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Monday, 1 November 2010

Night Serum

What is it? And how do I make it?

A night serum is one of the simplest yet most luxurious products that you can make. The most perfect Mothers Day Gifts and a good learning process for beginners to lotion making.
A night serum is used mostly by those who have started to see the effects of time or perhaps 'burning the candle at both ends' on their complexion. It is a combination of plant oils and extracts which are dabbed gently onto the skin before bed.
While you sleep the special properties in the oils that you included in your night serum do their magic. Regular use is very beneficial to the skin and comes under the category of skin-food - the nourishing and plumping of skin cells which gives them a more youthful, healthy appearance.
If you have greasy skin you may wish to be very circumspect about how often you use a serum - but even better, since most ready bought serums are designed for those with very dry skin, you could formulate your own which will not overload your skin with oil.
The simplest form of night serum is to use a little neat plant oil on the tip of your finger and dab it on to the face very gently.

Choose an oil that suits your skin type or better still a combination of oils. You could add a couple of drops of an appropriate essential oil to enhance it’s effects - although strictly speaking, most serums do not contain essential oils. The addition of a fruit or plant extract will maximise it's potency.

A night serum is not advised for use during the day because it takes some time to be absorbed into the skin and for the purpose of nourishment of the cells it is better done very slowly while you sleep.
Patch Test
Always test your oils by applying a small amount onto the delicate skin on the inside of your elbow. Allow the oil to penetrate and leave for 24 hours. If you experience any adverse effects or allergic reaction to the oil then simply replace it in your formula with another oil.

Botanical Extracts

It is possible to purchase botanical extracts which contain beneficial skincare qualities. These are not the same as the plant oils and they are not essential oils either. These are particular, concentrated chemicals that have been extracted from specific flowers and plants such as orchid, rose, chamomile, lavender... etc. for specific skincare benefits. Suppliers will usually tell you what each extract is good for and what quantity (percentage) to use in your product. These extracts are also very useful in moisturisers and hair care products. There are both oil and water based extracts available. For a serum you should choose an oil-based extract. For a product such as a toner, you would choose a water-based extract.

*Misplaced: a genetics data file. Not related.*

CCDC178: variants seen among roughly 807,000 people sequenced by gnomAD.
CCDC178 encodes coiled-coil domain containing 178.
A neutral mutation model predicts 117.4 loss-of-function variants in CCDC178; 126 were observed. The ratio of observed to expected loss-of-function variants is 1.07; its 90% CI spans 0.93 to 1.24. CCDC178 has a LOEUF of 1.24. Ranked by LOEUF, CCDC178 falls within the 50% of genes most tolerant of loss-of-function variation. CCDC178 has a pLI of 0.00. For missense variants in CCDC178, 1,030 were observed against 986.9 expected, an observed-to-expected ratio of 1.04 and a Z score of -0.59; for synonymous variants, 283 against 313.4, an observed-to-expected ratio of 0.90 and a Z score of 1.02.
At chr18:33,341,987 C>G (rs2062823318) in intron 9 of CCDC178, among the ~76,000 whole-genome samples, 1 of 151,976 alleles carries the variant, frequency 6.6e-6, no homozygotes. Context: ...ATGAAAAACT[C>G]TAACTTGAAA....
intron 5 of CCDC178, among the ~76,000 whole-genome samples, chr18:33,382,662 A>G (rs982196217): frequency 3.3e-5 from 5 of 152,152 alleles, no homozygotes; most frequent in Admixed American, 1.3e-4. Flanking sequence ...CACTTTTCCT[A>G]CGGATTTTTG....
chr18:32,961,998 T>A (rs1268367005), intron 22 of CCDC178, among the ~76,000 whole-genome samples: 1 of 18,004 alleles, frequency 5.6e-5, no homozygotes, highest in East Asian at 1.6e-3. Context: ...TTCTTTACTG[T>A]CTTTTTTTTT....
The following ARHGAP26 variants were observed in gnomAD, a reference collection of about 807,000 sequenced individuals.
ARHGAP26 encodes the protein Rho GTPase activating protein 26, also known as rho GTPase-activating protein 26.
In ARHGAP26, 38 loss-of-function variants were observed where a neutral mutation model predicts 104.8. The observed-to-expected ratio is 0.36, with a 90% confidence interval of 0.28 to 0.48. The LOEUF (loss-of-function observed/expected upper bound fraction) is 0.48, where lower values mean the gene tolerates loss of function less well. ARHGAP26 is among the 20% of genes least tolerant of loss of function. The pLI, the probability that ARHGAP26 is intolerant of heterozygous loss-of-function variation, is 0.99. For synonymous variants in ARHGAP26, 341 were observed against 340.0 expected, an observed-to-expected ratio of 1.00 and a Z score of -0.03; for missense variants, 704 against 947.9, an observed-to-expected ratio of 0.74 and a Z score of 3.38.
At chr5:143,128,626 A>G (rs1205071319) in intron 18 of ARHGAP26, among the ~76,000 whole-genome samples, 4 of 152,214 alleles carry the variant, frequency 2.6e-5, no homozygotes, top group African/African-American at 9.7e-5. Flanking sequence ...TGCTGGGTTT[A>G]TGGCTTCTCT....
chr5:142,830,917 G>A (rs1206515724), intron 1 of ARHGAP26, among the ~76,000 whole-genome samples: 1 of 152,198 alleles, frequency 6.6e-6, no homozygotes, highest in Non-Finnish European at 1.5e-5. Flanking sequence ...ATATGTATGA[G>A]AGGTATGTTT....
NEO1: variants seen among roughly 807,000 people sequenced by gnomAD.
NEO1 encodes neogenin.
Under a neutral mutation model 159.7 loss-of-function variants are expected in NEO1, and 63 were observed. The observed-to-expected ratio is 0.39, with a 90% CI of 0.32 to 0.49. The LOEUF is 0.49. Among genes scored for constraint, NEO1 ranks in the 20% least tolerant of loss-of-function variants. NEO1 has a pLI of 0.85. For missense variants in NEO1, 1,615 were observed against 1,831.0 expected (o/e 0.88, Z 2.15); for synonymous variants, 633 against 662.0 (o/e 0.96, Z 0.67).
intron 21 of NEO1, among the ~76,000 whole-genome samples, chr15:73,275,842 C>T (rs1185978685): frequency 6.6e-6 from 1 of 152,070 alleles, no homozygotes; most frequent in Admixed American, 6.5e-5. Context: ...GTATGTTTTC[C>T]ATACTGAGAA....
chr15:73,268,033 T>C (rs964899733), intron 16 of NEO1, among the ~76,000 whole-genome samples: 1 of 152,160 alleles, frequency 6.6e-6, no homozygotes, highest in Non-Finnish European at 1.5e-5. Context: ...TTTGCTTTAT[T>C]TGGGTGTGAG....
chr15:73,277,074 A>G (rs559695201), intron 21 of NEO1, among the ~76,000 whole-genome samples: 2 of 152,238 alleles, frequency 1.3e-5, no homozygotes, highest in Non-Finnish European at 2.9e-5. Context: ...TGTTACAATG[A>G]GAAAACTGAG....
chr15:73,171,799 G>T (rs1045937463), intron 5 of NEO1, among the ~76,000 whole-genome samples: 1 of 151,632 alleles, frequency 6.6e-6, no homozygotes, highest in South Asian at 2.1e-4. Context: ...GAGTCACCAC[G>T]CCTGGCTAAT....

Suggested Blends for your First Serum

  Emollient Night serum for Normal Skin40% Sweet almond oil
25% Safflower Oil
25% Jojoba Oil
between 5% and 10% active ingredient*
1% Vitamin E
*an active ingredient should be an oil chosen for a specific effect upon the skin. For example.. for normal skin with a tendency towards occasional acne  one could choose Avocado oil, Argan oil, Hemp or Wheatgerm oil or a rose extract, or green tea extract as the active ingredient. For normal skin with a more frequent acne problem the percentage of sweet almond oil could be reduced and the active oil ingredient percentage increased. Please note that oils with a very vivid red colour such as carrot, rosehip or sea buckthorn can stain the skin, these oils should be used well diluted. Amounts as little as 3 or 4 drops in a 100ml formula will still have a beneficial action upon the skin. To help you personalise your serum refer frequently to the list of oils and their skincare uses. in the previous post.

Moisturising Night serum for Dry Skin30% Jojoba
30% Avocado
20% Safflower
5% Evening Primrose
5% Wheatgerm
5% to 10% Active ingredient (see explanation above)
1% Vitamin E

Moisturising Night serum for Oily Skin
50% Macadamia
20% Safflower
15% Avocado
5% Calendula
5% to 10% Active ingredient
1% Vitamin E
Although these formulas may last for some time before going rancid I would advocate keeping them in the fridge and decanting only a very small amount into a bottle for use on the dressing table. Many of these oils can be purchased at a health food store or from the chemist but the botanical extracts are currently only available from specialist suppliers. The Vitamin E oil is a powerful antioxidant and will help prolong the shelf life of your blend and is also instrumental in the removal of poisons and toxins from the body.
There is no special method for mixing the oils. Simply combine them cold (oils heated above 50 degrees C can lose some of their beneficial properties).
If you absolutely insist on using essential oils (no more than 3 drops per 100ml of base formula for use on the face) can be added to any of the formulas above. It would take an entire website or book to outline the principles of choosing an appropriate essential oil, but my next post will be a beginners introduction to using aromatherapy oils, which I hope will prove sufficient for your purposes.

Enhance your Night Serum

by macerating a healing herb in one of the oils you intend to use. Instructions on how to macerate herbs in oil is coming in the next post. A brief list of herbs useful in skincare will also be given.  So do check back soon, or sign up to follow this blog.

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